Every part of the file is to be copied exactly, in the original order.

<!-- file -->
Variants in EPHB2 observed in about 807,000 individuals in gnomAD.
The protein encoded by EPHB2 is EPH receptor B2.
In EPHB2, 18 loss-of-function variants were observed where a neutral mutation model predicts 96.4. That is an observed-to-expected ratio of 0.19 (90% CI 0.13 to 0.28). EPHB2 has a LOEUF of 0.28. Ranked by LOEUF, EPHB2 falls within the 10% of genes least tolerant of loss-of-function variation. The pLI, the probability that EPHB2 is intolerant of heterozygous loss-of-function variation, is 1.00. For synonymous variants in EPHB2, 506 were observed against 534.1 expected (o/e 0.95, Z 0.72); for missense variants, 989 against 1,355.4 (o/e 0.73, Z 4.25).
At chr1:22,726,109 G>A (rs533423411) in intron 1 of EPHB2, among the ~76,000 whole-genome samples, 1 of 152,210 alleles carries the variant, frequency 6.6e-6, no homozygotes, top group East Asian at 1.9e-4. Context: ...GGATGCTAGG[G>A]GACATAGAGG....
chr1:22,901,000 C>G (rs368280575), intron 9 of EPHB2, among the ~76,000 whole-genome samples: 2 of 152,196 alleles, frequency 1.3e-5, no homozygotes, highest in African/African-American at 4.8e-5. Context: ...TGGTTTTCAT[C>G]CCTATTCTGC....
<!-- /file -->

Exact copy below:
Variants in EPHB2 observed in about 807,000 individuals in gnomAD.
The protein encoded by EPHB2 is EPH receptor B2.
In EPHB2, 18 loss-of-function variants were observed where a neutral mutation model predicts 96.4. That is an observed-to-expected ratio of 0.19 (90% CI 0.13 to 0.28). EPHB2 has a LOEUF of 0.28. Ranked by LOEUF, EPHB2 falls within the 10% of genes least tolerant of loss-of-function variation. The pLI, the probability that EPHB2 is intolerant of heterozygous loss-of-function variation, is 1.00. For synonymous variants in EPHB2, 506 were observed against 534.1 expected (o/e 0.95, Z 0.72); for missense variants, 989 against 1,355.4 (o/e 0.73, Z 4.25).
At chr1:22,726,109 G>A (rs533423411) in intron 1 of EPHB2, among the ~76,000 whole-genome samples, 1 of 152,210 alleles carries the variant, frequency 6.6e-6, no homozygotes, top group East Asian at 1.9e-4. Context: ...GGATGCTAGG[G>A]GACATAGAGG....
chr1:22,901,000 C>G (rs368280575), intron 9 of EPHB2, among the ~76,000 whole-genome samples: 2 of 152,196 alleles, frequency 1.3e-5, no homozygotes, highest in African/African-American at 4.8e-5. Context: ...TGGTTTTCAT[C>G]CCTATTCTGC....